The state of California is casting a covetous eye at San Jose land envisioned for a new Oakland A’s ballpark, arguing it was improperly shielded from the state takeover of redevelopment agency assets.
This is a process story, to be sure, and one that has more to do with state politics than the building of a ballpark. But it’s an important story, one that could completely derail Lew Wolff’s efforts to build a new ballpark in downtown San Jose. First, some background.
It was no secret in California political circles that Gov. Jerry Brown was looking to balance the state budget with the proceeds and holdings of the state’s city and county redevelopment agencies (RDAs); they were notified of that potential on Jan. 1, 2011, with legislation rushed by state lawmakers to take effect June 28, when Brown signed the law. (If you look at the list of related stories, there’s a full set of links to our coverage of the redevelopment issues.)
Between the notification and the signing many California agencies transferred assets from redevelopment agencies to protect them; San Jose, for instance, organized a deal to sell land to the A’s in anticipation of a new ballpark. The issue is whether the sale was closed before the state had the right to take over all RDA assets; the state is reviewing all deals like the San Jose land transfer — as well as a $3.5-million contract entered by Oakland to examine the future of the Oakland-Alameda County Coliseum complex — and arguing that RDAs illegally transferred these assets. San Jose officials, for instance, say that since the law doesn’t specify a June 28 deadline, there was no clear date to wind down RDA operations.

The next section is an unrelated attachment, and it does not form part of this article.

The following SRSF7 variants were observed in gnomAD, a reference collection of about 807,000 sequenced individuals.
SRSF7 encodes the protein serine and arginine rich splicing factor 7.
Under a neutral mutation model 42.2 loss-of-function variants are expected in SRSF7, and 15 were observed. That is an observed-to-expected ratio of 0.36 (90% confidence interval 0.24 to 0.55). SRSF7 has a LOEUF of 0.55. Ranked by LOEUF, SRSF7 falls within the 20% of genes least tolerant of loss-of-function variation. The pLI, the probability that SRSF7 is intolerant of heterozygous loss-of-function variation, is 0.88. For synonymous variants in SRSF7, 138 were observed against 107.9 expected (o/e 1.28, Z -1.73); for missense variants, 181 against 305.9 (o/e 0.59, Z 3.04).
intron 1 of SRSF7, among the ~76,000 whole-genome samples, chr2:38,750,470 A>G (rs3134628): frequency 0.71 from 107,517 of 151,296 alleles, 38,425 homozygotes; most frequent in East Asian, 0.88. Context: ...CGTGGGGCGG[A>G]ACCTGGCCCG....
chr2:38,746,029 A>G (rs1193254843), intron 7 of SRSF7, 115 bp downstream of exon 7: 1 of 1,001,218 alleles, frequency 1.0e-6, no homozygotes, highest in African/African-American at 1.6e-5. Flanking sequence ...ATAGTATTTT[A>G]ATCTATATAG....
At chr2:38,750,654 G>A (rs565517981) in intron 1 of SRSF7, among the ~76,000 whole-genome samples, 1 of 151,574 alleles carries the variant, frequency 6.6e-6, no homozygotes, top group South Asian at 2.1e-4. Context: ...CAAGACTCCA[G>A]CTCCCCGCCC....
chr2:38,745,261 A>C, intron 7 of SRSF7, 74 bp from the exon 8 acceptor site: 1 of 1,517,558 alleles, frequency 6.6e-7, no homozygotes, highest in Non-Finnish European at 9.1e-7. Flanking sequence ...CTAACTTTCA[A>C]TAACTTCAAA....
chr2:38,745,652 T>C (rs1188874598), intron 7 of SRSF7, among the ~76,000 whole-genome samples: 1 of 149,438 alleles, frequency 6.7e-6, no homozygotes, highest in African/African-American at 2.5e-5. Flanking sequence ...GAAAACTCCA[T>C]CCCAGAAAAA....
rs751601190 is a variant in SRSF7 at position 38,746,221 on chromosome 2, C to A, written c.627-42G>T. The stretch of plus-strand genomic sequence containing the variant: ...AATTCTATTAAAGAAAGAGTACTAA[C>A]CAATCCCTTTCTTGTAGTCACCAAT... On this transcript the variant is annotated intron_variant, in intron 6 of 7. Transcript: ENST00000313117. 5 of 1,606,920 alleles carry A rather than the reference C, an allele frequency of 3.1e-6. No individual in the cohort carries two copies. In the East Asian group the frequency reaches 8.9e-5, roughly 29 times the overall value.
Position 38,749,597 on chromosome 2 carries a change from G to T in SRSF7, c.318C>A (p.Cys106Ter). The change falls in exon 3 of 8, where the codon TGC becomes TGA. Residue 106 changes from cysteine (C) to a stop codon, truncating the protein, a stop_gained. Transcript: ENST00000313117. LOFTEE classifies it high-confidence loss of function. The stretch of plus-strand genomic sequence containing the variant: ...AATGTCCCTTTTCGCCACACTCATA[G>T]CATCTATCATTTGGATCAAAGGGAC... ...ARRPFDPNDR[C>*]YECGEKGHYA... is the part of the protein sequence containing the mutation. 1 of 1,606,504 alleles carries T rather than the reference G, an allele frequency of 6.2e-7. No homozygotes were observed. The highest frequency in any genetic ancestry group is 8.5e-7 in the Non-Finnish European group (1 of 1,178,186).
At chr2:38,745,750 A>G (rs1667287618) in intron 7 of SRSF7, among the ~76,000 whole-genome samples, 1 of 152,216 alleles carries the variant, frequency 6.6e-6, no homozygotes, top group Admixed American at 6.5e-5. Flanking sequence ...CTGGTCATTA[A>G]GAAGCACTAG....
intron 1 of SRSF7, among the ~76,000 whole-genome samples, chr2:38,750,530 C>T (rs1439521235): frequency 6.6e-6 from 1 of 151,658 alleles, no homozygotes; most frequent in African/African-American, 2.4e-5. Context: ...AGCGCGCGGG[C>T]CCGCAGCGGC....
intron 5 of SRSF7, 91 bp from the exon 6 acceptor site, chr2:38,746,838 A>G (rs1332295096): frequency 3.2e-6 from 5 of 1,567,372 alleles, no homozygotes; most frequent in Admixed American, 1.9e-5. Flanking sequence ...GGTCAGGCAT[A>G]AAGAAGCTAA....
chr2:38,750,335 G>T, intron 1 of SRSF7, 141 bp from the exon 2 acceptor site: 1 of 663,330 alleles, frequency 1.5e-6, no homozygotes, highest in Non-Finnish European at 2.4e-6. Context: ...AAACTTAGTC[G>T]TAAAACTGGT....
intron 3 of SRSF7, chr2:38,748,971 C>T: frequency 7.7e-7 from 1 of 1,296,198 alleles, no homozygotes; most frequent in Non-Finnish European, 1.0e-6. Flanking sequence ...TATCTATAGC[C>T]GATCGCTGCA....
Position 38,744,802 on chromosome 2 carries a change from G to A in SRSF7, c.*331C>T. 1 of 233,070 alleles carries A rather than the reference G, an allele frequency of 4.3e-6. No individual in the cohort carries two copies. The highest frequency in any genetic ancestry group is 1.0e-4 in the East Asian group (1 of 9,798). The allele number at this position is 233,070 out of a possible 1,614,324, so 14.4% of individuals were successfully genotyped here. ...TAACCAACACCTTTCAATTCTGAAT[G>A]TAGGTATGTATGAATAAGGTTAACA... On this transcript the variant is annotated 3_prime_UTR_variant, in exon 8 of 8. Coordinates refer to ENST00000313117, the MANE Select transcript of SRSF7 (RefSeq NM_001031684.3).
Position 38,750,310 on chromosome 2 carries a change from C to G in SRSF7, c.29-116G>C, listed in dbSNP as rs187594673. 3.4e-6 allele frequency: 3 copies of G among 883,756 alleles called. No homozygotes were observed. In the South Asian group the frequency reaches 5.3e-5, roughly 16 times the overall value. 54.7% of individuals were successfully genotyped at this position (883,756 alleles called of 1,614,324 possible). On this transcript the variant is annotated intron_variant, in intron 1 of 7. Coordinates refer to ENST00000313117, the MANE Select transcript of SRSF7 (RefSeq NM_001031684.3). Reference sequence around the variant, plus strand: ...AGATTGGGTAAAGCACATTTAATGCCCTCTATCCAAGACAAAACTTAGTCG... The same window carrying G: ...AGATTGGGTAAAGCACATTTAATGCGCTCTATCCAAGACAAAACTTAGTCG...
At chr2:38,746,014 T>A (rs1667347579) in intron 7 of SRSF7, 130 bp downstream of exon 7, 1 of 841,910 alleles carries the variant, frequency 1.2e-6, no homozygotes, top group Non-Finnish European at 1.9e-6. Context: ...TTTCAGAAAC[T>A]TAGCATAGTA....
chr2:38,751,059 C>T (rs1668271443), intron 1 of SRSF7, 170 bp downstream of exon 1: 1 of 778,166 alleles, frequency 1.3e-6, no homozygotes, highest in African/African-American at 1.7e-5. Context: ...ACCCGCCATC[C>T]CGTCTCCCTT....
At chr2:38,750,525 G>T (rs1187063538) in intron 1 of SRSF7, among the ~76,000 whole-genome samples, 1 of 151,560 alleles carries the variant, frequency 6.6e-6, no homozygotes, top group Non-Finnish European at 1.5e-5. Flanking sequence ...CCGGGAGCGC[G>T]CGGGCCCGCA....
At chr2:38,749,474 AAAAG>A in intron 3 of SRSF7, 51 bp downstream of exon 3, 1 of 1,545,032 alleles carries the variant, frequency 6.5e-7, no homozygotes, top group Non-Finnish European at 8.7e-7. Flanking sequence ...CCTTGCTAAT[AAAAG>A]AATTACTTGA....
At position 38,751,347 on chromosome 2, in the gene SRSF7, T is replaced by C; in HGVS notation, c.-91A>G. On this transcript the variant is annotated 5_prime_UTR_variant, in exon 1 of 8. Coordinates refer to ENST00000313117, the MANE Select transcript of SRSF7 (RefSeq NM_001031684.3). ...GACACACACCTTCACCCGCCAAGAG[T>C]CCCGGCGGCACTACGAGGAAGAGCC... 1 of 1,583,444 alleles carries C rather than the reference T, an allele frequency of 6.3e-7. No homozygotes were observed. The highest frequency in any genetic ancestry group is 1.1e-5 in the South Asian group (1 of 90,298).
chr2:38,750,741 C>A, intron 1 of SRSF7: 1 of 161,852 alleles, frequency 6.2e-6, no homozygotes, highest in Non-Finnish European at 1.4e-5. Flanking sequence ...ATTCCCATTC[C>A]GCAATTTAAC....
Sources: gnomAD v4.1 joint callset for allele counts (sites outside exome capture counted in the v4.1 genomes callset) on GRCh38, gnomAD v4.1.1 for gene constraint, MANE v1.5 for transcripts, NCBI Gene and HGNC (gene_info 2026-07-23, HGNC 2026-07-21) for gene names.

So what does this have to do with a ballpark? The future of the Oakland A’s in the Bay Area is an incredibly complex situation. There’s not a clear path, no matter what local partisans may argue: the ownership of the land is now under dispute (with a court case surely in the offing), so there will be no move on a new ballpark anytime soon, especially with the San Francisco Giants still on record as opposing to any changes in the Bay Area territories. Commissioner Bud Selig has come under fire for letting this situation remain unresolved on the MLB side, but he’s had to deal with a situation where market realities change every few months: the circumstances of today don’t match the circumstances when Wolff and San Jose officials first hatched the ballpark plan. Add to that the commissioner’s reluctance to move a team when an existing host is willing to examine new-ballpark issues, as is the case with Oakland, and you have an explanation of why the A’s are still in the Coliseum without a new-ballpark plan. You may not agree with the decision, but at least you can understand it.
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